Title: Bluey Truscott – Squadron Leader Keith William Truscott, R.A.A.F., D.F.C. and Bar

Author: Southall, Ivan

Condition: Good

Edition: 1st Edition

Publication Date: 1958


Cover: Hard Cover with Dust Jacket  – 203 pages

Comments: The story of one of the most famous Australian air aces, Keith “Bluey” Truscott, a member of No. 452 Squadron, the first Australian fighter squadron to be formed in the United Kingdom. Ex library. Has the usual library stamps.

When war broke out in the Pacific he returned to Australia and joined No.76 squadron, which along with No.75, played a vital part in halting the Japanese advance on Australia, at the battle of Milne Bay.

Truscott joined the Royal Australian Air Force in July 1940, a move that attracted much publicity. He almost failed pilot training; among other problems it was ascertained that he had a poor ability to judge heights. In the words of the Australian Dictionary of Biography: “[Truscott] never fully came to terms with landing and persistently levelled out about 20 ft (6 m) too high.” This problem would come to have a grim significance.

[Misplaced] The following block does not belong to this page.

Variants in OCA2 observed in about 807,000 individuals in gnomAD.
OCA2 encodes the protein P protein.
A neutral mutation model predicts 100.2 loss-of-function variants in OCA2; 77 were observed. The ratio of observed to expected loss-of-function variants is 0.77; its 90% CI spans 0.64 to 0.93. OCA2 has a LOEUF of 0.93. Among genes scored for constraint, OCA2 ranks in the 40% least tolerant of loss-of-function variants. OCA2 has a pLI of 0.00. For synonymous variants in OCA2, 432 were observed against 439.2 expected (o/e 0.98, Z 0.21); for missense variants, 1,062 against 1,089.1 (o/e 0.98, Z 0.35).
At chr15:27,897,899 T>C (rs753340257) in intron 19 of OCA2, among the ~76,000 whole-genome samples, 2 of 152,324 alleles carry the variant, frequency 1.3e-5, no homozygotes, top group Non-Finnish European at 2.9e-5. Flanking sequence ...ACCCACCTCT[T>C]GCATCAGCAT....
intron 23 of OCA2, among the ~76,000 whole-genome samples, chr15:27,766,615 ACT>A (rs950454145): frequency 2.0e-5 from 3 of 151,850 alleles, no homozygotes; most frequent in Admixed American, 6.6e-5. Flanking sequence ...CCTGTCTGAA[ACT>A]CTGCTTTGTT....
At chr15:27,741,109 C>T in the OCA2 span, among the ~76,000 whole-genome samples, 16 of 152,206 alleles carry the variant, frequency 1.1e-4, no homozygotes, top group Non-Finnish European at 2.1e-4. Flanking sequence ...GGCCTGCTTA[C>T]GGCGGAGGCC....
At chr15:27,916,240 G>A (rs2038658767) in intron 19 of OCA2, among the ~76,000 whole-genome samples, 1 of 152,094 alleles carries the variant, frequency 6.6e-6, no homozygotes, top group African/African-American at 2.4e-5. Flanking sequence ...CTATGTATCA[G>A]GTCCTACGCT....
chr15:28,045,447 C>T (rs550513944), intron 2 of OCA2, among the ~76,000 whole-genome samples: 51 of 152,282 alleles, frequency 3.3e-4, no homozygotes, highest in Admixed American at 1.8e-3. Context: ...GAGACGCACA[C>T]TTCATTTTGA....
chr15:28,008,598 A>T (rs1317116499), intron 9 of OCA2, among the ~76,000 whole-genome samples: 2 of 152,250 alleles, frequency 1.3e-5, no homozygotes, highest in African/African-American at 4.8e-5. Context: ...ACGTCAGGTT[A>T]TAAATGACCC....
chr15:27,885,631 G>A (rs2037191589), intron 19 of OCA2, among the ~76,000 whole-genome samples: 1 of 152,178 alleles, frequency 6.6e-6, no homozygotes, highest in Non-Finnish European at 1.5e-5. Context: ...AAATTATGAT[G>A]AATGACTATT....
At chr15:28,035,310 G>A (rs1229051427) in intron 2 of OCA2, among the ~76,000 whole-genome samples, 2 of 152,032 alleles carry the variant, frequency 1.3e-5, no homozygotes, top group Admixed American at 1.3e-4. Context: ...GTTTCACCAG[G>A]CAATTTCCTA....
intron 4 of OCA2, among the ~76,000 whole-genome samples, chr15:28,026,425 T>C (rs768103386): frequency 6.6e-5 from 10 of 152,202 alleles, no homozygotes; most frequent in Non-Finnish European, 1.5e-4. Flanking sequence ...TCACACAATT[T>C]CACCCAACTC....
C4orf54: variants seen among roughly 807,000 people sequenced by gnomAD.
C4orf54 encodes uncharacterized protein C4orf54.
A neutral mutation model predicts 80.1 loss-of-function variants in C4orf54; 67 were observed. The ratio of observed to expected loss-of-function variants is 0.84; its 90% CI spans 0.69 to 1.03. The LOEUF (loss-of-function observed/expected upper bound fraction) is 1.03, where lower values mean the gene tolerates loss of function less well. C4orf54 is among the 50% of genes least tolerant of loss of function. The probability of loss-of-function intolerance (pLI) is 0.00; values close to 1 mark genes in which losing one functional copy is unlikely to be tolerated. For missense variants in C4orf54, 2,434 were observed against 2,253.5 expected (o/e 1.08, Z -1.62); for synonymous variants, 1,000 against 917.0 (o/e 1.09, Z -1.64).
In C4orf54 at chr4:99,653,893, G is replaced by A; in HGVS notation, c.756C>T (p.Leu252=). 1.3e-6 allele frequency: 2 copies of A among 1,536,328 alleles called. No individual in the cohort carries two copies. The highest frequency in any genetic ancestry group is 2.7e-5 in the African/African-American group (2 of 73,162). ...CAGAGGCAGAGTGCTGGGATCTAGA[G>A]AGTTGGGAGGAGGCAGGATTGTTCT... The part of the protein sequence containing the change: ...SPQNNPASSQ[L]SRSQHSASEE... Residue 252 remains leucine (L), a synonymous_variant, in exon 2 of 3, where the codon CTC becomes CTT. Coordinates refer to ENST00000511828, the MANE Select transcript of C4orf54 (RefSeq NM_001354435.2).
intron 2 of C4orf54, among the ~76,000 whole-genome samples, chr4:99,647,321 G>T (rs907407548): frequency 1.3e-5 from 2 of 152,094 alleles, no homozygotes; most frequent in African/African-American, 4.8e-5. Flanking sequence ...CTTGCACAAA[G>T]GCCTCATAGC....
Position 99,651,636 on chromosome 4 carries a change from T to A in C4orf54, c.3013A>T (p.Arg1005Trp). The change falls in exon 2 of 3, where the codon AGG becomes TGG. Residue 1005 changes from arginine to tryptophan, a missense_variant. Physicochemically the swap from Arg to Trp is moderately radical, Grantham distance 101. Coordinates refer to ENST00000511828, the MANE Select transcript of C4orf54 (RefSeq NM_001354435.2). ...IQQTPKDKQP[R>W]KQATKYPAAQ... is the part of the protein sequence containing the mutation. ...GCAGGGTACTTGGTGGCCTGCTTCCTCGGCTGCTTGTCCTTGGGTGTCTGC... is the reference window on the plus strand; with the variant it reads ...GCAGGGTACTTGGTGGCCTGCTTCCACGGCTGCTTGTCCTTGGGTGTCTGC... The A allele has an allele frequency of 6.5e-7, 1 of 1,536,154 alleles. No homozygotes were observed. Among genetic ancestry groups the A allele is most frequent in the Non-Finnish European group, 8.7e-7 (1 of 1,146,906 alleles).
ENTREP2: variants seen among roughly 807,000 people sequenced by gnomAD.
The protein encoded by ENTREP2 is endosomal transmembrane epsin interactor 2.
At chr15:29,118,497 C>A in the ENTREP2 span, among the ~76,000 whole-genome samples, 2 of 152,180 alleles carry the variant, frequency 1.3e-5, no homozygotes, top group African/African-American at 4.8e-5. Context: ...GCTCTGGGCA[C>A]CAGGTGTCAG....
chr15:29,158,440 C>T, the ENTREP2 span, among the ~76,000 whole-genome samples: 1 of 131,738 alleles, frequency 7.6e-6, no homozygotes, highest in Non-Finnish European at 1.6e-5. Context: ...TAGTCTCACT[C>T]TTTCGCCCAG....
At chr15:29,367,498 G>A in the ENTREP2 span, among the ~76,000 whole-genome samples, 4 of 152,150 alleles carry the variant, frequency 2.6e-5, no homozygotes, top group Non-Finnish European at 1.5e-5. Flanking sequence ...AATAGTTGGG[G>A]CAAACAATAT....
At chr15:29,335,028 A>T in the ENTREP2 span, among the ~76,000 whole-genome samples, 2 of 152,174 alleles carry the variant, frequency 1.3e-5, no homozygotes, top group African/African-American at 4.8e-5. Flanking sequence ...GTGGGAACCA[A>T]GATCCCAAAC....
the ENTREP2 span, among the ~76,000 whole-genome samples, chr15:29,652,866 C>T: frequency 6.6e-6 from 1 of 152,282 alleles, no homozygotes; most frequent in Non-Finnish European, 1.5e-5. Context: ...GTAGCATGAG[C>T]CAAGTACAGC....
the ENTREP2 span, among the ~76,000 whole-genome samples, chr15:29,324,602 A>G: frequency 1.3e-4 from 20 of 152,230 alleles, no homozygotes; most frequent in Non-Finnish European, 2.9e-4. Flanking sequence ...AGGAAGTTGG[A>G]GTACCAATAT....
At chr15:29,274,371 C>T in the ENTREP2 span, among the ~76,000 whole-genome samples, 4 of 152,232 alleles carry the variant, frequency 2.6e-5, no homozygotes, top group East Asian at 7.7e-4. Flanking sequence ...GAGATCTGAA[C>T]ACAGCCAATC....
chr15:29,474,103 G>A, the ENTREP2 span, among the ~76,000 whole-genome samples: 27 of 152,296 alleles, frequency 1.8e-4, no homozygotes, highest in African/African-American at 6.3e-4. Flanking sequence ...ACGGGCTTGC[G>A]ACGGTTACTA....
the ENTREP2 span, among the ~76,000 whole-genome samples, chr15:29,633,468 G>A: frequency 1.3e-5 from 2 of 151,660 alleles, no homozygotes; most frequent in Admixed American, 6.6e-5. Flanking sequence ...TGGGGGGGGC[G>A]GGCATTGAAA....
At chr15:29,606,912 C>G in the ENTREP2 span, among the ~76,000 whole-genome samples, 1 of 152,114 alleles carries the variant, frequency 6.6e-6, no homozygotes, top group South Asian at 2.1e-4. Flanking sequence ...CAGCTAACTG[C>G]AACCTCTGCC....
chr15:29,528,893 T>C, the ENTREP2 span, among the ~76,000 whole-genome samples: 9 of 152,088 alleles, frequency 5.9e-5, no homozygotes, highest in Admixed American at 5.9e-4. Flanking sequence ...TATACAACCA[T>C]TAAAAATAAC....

Truscott completed flight training in Canada and joined No. 452 Squadron RAAF, flying Spitfires in England on 5 May 1941. He destroyed at least 14 Luftwaffe aircraft, was twice awarded the Distinguished Flying Cross, and was made flight commander. Truscott was later made acting Squadron Leader.

In 1942, he was then posted back to Australia with 76 Squadron, flying Kittyhawks. By this stage Truscott was, along with Clive Caldwell, one of the most famous RAAF pilots.

Truscott’s squadron was posted to Milne Bay, Papua and played a significant role in the Battle of Milne Bay.

It was later transferred to Darwin, Northern Territory for a time, then Exmouth Gulf, Western Australia. Truscott was killed in an accident in Exmouth Gulf on 28 March 1943. His Kittyhawk hit the sea at high speed, after he made a mock diving attack against a low-flying Catalina. The surface of the sea was unusually smooth that day, and it is believed that Truscott misjudged its proximity.